Roots: Shallow, spreads by root suckers. Aggressive in moist soils in warm locations. Passiflora edulis is sometimes grafted onto Passiflora edulis flavicarpa: Yellow Passionfruit, which better withstands soil diseases.
Species of Note for hot, dry climates:
Passiflora edulis - grown commercially for its juice
P. incarnata x cincinnata 'Incense' - an ornamental that needs hand pollination to fruit
P. caerulea: Blue Crown - a fruiting ornamental.
Wildlife: Attracts bees, butterflies and hummingbirds. A caterpillar host for several species of butterflies including the Gulf Fritillary. Birds and mammals eat the fruit.
Toxic / Danger: All parts poisonous except ripe fruit.
Origin: Passiflora edulis and Blue Crown - South America; 'Incense' - North America.

Cultivation and Uses
USDA hardiness zones: Passiflora edulis 8-10, 'Incense' 6b-10, Blue Crown 6-10. Dies to ground in freezing temperatures and comes back from roots in spring.
Chill hours: None.
Heat tolerant: Somewhat.
Sun: Afternoon shade is needed for most cultivars when temperatures are over 90°F, however more sun produces more flowers and fruits.
Drought tolerant: No. Prefers high humidity.
Water after becoming established: Water deeply, but gradually taper off from twice a week to once every two weeks to encourage roots to grow deep and wide. Insufficient water causes fruit wrinkling and drop. In winter, water less often.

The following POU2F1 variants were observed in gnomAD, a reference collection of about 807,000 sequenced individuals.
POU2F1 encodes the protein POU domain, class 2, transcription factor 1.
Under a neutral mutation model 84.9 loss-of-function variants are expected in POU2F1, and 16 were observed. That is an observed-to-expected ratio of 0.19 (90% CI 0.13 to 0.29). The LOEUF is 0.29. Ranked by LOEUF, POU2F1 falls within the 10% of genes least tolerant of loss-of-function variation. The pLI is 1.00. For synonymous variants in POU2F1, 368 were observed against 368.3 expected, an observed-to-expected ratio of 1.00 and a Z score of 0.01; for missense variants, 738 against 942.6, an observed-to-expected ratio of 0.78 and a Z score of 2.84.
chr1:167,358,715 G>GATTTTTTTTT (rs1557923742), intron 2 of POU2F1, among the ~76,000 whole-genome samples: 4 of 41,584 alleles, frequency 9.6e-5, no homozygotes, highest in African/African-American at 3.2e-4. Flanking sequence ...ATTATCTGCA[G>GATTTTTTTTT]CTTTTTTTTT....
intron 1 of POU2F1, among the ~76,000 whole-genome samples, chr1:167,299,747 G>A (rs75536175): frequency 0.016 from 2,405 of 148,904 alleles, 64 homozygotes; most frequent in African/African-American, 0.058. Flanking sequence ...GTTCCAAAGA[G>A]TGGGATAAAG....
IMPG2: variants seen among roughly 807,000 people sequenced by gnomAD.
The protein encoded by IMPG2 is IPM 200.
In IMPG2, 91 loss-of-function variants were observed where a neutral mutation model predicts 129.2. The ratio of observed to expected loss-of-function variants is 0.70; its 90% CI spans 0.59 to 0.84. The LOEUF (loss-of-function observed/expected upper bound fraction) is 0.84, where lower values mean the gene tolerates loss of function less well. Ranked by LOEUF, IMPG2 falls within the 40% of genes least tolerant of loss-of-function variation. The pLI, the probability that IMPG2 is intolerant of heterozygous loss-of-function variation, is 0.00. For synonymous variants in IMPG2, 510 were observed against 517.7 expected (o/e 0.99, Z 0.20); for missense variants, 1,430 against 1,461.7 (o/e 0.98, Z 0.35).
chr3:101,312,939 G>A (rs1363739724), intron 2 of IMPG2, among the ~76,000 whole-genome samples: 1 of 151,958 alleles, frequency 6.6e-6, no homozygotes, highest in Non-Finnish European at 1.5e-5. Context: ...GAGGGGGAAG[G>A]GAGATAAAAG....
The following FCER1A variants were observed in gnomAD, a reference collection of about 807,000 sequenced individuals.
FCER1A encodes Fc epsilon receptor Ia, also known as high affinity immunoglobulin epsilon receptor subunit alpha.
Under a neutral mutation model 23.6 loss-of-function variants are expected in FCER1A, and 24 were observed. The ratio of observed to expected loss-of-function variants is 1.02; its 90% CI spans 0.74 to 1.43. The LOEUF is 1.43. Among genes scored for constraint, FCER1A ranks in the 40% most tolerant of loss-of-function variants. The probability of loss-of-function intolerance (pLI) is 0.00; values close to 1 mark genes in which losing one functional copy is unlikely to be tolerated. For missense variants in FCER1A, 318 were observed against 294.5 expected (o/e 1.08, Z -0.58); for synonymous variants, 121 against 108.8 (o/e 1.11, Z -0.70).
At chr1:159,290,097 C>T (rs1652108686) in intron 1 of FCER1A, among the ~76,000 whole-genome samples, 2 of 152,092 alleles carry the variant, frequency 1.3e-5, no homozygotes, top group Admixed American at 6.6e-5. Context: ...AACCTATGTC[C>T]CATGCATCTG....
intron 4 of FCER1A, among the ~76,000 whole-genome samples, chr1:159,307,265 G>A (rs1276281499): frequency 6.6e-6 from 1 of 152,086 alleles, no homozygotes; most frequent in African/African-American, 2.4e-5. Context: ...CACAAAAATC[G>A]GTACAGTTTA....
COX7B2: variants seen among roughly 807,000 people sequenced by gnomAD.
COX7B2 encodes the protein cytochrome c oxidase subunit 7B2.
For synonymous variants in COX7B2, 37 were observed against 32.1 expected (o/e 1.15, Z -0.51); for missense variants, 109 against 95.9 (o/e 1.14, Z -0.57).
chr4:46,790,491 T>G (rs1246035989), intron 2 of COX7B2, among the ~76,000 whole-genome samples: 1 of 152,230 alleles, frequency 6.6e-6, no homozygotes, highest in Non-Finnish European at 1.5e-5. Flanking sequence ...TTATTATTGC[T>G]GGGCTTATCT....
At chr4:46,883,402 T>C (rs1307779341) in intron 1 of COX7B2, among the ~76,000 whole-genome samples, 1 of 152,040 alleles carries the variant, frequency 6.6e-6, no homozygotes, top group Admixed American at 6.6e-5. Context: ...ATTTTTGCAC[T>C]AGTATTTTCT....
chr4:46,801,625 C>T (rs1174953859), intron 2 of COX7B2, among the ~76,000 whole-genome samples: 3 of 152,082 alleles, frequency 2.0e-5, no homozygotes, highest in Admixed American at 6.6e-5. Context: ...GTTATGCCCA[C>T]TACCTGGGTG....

Soil: Well draining, moist, moderate organic content, pH 6.6-7.5 (neutral).
Fertilize: Use composted manure as a slow-release source of nitrogen.
Mulch: A 4" layer of aged compost, leaves, shredded bark or wood chips helps moisture retention and avoids heat stress for shallow roots.
Planting: The plant can also be grown in large containers.
Prune: To shape anytime when vine grows out of bounds. Remove dead and damaged vines after danger of freezing temperatures has passed. Flowering occurs on new vine shoots.
Litter: Flower and fruit drop if not harvested. Dead vines and leaves in regions with freezes.
Propagation: Cuttings are true to parent plant. Seed, which does not always breed true, can be soaked 24 hours in hand-hot water and allowed to cool. Replace water within 24 hours or plant seed immediately.
Pests: Butterfly caterpillars may temporarily defoliate leaves, but plant will recover.
Uses: Ornamental, edible fruit.

Comments
The many cultivars and hybrids of these plants can make identification problematic.
Rating Passionflower fruits by taste from high to low: Passiflora edulis is best, followed by 'incense', then the eastern North American species Passiflora incarnata (Maypop), and finally, Blue Crown.


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Passionflower: Passiflora edulis - leaves
Passiflora edulis: Passionfruit flower and leaf


Passionflower: Passiflora caerulea - flower

Passionflower: Passiflora caerulea - flower side view

Passionflower: Passiflora caerulea - fruit

Passionflower: Passiflora caerulea - leaves
Flower, fruit and leaves of Passiflora caerulea: Blue Crown Passion Flower